After taking some vacation time and enjoying a long weekend at the lake to beat the heat, Dean was not thrilled to rejoin the workforce on Monday, with summer temperatures still lingering in the unbearable low 100s. Deciding to take a little bit of the lake to work with him, Dean showed up wearing a pair of board shorts, a polo shirt, and some sandals, thinking that in light of the heat his boss wouldn’t mind some less professional attire. To his surprise, a Board meeting had been scheduled the previous week in his absence for Monday morning. Dean had no choice but to attend the meeting to discuss the status of a project with the suit-wearing Board Members, who were less than amused by his casual dress.
Trying to stay cool is a top priority for most of us when the sweltering heat of summer hits. At home, it is easy to kick back in a pair of shorts and some flip flops, but with many industries requiring professional attire in the workplace, how do you keep cool and avoid melting on the job?
Of course air conditioning and fans help, but many are tempted to wear office inappropriate attire when the temperatures rise. There are a number of ways to meet in the middle when dealing with inclement weather, a heat wave being just as troublesome as frigid conditions in the winter.
• Review Company Policies – This time of year, take the opportunity to review your company’s policies on personal appearance and attire. Consider modifying the policy to include exceptions, such as casual dress during inclement weather, and make certain to provide examples of what is/is not appropriate as part of this exception.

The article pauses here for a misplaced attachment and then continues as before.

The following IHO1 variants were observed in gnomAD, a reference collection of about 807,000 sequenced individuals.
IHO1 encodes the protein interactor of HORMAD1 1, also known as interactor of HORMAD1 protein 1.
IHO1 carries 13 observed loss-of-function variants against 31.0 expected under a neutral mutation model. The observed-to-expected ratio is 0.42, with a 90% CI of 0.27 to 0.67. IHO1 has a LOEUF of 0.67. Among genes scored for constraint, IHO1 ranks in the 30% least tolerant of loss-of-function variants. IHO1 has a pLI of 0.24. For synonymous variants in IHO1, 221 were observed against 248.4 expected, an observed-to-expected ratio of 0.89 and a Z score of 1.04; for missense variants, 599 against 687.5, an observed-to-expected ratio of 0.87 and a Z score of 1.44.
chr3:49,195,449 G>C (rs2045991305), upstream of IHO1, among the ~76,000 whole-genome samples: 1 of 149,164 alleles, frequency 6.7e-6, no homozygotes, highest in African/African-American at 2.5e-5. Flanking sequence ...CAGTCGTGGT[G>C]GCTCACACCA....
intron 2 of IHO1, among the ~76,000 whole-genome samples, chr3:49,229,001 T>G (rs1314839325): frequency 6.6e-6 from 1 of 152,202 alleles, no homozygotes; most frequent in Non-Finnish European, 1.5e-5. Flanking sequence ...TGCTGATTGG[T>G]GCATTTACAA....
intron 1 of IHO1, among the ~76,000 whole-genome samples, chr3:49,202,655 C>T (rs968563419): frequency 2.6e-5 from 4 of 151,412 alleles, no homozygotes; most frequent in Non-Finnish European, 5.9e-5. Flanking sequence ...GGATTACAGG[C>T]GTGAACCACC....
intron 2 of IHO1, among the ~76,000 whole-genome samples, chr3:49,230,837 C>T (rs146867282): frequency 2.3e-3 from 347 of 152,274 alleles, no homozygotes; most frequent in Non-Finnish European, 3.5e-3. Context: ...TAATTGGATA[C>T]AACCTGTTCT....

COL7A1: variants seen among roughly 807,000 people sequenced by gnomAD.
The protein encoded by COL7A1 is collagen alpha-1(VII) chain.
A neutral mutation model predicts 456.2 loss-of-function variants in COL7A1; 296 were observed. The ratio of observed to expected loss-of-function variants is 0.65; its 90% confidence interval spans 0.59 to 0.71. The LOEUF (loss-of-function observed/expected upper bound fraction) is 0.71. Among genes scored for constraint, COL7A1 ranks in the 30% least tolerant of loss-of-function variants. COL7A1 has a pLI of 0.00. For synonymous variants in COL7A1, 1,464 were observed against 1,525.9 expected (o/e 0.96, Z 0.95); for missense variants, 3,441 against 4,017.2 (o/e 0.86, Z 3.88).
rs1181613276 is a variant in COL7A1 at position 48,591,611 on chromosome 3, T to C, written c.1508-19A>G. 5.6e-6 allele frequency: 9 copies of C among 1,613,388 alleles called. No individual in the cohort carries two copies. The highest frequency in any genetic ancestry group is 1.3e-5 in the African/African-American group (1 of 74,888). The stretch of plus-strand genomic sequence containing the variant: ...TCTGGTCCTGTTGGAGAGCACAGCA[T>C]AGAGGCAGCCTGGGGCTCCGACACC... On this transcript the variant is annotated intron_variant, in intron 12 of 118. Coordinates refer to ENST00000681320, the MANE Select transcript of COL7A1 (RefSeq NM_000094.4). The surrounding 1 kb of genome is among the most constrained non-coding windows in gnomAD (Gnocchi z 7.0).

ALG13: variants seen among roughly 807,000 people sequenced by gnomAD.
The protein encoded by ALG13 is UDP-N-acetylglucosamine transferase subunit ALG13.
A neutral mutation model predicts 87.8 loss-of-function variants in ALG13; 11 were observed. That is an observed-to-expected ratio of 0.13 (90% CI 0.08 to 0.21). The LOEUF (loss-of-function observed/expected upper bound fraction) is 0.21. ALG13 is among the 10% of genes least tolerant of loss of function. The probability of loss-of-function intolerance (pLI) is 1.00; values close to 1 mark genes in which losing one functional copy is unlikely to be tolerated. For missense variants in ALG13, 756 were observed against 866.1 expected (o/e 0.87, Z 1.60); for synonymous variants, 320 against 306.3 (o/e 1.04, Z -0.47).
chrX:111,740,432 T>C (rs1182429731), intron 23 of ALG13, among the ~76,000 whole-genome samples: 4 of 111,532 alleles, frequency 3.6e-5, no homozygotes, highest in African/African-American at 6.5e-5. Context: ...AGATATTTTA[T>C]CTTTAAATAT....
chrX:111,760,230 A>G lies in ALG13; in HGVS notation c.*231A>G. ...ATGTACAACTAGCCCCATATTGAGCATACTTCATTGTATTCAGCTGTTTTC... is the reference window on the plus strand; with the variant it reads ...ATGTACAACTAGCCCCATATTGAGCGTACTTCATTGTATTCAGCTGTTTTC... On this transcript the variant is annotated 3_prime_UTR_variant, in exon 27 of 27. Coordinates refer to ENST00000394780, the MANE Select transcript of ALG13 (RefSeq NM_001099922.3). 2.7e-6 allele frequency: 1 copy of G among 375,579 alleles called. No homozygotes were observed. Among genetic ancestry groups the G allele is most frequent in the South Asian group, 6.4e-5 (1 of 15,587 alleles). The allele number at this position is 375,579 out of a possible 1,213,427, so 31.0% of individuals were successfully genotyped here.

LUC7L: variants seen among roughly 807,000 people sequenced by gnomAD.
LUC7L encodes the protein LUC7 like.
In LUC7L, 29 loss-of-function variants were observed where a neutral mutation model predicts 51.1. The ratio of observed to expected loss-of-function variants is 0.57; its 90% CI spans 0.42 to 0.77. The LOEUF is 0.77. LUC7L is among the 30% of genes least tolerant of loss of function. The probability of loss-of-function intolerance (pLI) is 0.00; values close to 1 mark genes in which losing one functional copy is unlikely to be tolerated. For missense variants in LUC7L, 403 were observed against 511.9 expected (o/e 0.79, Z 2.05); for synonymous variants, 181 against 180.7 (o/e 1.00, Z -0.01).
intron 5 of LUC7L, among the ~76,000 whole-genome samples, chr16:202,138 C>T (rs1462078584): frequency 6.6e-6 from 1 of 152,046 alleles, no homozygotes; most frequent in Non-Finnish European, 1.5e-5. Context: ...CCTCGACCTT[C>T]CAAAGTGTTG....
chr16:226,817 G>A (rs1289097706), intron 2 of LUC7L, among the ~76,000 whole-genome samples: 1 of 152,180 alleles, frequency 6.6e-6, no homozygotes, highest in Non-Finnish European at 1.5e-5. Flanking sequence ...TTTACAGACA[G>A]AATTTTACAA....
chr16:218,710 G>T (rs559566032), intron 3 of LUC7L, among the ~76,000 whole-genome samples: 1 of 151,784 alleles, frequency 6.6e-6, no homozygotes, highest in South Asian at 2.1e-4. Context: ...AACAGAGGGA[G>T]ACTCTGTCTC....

• Consider Telecommuting Options – With technology offering opportunities to work from home, many employees may prefer to stay in their temperature-regulated houses during heat waves. Staying comfortable will often mean more productivity, so allowing this option for applicable positions it is a great alternative to ensure that the job still gets done.
• Be Flexible – Warm weather dress codes can be difficult to define, let alone enforce. Make certain that some resolute standards are in place, then allow for some flexibility beyond that. Trust your employees to use good judgment in deciding what is and is not appropriate around those guidelines as every position and situation is different.
While the summer season is typically more laid back than its counterparts, communicate your policy (possibly modified for the warmer months) clearly to employees to avoid any problems. Make sure your employees know to use good judgment and inform them of the best rule of thumb when deciding if an article of clothing is appropriate or not: when in doubt, don’t.